A walkthrough in Agile
A comprehensive guide for agile methodology
A comprehensive guide for agile methodology
In this blog post, we are going to have a walkthrough in Agile, from how it all started, the definition and the principles of this methodology.
Before 2001, Waterfall Model appeared in the Software Development Life Cycle approach for software development. As of today, this is still the most popular classic model.
It was created to be used in the system development life cycle to create a system with a Linear-Sequential Life Cycle approach. It is called a waterfall because the model develops systematically in a top-down approach.
The Waterfall Model is divided into different phases that are interconnected, the output of one stage is used as the input of the next step. It is essential that every phase has to be completed before the next phase starts and there is no overlapping of the phases.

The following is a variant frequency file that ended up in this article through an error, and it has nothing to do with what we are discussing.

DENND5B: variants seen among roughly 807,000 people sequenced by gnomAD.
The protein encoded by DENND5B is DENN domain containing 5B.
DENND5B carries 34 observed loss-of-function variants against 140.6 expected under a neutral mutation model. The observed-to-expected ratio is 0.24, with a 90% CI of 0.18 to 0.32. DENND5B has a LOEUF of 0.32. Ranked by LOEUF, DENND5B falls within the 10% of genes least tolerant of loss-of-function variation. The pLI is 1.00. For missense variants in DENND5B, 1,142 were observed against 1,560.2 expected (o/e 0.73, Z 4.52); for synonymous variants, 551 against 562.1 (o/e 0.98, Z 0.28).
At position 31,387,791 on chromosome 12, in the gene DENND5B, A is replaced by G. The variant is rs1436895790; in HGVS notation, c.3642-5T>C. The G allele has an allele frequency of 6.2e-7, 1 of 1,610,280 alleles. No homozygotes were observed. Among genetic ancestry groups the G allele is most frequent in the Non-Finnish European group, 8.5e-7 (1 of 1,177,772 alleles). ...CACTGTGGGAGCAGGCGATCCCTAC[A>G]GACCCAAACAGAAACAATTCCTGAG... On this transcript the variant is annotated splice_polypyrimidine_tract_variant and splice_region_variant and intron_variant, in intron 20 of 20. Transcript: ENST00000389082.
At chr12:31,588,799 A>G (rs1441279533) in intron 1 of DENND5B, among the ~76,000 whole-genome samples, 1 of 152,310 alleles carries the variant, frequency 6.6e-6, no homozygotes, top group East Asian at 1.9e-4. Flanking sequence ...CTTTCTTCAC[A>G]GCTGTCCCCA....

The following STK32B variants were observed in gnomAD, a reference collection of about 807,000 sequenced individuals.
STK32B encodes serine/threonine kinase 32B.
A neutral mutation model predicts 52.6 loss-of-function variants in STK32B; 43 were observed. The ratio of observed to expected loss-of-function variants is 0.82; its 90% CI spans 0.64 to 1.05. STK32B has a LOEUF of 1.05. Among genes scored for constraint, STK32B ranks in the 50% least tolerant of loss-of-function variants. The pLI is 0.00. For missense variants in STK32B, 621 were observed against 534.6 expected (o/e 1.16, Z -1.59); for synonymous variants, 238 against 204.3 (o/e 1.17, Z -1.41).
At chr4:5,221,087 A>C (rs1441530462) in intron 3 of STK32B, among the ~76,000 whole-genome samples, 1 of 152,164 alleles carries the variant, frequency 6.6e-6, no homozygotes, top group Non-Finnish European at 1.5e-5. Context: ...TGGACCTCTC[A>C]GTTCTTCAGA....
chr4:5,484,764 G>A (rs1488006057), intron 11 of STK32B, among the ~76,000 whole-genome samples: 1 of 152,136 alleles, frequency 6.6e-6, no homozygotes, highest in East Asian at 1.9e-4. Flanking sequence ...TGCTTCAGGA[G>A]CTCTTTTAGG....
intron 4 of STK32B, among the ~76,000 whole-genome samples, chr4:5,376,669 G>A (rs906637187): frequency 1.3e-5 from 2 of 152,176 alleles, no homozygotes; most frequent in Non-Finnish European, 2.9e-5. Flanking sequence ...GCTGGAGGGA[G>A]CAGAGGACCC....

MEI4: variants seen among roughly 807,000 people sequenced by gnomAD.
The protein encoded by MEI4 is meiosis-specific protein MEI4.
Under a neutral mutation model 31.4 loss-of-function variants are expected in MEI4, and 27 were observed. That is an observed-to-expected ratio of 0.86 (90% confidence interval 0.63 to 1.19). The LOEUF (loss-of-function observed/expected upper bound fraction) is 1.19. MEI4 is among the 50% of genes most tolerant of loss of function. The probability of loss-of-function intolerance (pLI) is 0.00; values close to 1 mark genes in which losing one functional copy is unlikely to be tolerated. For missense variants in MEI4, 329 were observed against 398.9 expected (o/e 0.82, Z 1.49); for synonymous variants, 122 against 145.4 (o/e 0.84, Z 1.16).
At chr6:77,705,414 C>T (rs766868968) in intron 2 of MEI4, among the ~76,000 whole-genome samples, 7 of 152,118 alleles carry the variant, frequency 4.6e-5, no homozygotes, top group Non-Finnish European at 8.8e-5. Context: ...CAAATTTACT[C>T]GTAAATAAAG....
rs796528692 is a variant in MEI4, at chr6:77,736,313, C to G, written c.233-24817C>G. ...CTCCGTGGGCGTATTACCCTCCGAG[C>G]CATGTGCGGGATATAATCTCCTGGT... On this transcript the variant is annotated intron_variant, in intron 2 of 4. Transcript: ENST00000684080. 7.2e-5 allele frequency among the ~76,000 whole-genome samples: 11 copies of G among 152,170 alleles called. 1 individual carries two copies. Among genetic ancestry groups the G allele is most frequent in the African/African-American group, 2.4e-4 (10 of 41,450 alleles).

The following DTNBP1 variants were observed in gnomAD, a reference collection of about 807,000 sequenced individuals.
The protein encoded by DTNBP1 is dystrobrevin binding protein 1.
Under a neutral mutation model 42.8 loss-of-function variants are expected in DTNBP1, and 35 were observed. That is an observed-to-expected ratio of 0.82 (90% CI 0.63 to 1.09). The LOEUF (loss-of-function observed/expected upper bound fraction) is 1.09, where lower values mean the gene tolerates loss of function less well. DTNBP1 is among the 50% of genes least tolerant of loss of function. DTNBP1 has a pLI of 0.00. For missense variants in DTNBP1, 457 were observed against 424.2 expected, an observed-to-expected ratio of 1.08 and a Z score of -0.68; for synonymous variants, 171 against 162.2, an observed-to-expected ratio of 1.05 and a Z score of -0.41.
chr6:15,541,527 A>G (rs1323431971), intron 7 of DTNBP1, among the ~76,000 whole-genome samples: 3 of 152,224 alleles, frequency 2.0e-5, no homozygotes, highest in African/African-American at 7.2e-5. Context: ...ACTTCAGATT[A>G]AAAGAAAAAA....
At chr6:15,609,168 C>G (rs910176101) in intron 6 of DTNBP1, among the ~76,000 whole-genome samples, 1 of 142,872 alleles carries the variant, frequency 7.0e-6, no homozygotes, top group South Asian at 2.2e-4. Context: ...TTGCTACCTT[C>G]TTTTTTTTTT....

As it’s laid out, the waterfall model has its downsides, including taking a high risk in delivering a product at the end of the development phase and low adaptability to market demands. The need to adapt to the ever-changing demands of the products and market was at the core and foundation of a methodology that will help the industry adapt at a more rapid pace.
Agile is a new concept that offers the ability to create and respond to change. It is a way of overcoming the effects of turbulence, transforming uncertainty into success.
Agile Methodologists are concerned with getting good products to market by working in an environment that values more than talking about the importance of people—they actually operate as if "people" were important.
Agile is an iterative approach to project management and software development that helps teams deliver value faster to their customers and with fewer headaches. The term refers to a set of frameworks and practices based on the values expressed in: